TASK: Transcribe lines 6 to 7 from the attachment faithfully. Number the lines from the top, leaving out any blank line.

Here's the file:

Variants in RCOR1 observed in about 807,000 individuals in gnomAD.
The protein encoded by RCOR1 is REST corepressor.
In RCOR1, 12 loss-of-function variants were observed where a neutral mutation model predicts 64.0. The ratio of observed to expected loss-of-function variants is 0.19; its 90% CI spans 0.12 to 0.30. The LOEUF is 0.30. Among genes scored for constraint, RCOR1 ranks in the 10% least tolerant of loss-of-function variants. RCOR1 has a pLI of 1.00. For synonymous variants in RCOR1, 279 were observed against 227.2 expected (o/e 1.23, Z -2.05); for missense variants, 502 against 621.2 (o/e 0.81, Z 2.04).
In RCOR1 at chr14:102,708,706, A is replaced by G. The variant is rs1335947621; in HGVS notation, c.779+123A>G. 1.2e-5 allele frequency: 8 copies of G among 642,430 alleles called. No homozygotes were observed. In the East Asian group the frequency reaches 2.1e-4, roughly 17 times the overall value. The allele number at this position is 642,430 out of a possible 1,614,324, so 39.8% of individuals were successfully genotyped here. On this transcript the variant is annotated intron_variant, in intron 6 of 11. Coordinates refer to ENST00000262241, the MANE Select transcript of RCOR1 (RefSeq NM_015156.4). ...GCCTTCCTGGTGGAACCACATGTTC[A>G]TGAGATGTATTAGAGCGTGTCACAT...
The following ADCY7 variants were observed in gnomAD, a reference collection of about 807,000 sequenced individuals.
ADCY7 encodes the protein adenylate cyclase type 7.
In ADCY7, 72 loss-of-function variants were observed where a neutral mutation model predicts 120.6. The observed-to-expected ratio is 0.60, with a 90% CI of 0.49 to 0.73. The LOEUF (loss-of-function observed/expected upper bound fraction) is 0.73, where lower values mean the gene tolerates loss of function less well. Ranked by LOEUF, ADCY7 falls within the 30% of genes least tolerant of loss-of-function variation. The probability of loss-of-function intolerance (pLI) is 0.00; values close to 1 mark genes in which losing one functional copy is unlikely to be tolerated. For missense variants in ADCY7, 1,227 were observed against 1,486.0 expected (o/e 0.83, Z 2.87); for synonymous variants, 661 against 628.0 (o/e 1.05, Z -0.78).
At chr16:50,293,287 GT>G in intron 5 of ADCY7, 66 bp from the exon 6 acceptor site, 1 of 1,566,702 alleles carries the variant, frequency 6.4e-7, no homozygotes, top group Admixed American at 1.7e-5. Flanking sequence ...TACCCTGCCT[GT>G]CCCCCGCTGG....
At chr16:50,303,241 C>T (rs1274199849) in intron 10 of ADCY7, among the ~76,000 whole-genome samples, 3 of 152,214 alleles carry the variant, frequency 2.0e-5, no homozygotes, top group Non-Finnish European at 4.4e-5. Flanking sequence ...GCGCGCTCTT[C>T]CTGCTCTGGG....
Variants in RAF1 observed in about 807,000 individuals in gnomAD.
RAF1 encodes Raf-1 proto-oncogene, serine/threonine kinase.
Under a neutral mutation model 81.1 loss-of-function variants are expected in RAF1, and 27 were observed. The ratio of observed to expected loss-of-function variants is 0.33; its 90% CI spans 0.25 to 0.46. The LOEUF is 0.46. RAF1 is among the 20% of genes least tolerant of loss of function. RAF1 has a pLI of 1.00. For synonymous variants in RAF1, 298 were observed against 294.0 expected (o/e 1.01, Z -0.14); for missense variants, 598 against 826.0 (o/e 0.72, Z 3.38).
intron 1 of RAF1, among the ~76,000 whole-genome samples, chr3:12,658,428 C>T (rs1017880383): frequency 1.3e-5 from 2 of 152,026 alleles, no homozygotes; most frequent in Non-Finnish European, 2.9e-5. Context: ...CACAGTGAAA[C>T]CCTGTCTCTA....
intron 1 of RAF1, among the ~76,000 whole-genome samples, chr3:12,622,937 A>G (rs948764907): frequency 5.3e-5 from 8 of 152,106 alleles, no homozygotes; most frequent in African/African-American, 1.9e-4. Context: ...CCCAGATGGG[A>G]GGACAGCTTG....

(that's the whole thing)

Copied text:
ADCY7 encodes the protein adenylate cyclase type 7.
In ADCY7, 72 loss-of-function variants were observed where a neutral mutation model predicts 120.6. The observed-to-expected ratio is 0.60, with a 90% CI of 0.49 to 0.73. The LOEUF (loss-of-function observed/expected upper bound fraction) is 0.73, where lower values mean the gene tolerates loss of function less well. Ranked by LOEUF, ADCY7 falls within the 30% of genes least tolerant of loss-of-function variation. The probability of loss-of-function intolerance (pLI) is 0.00; values close to 1 mark genes in which losing one functional copy is unlikely to be tolerated. For missense variants in ADCY7, 1,227 were observed against 1,486.0 expected (o/e 0.83, Z 2.87); for synonymous variants, 661 against 628.0 (o/e 1.05, Z -0.78).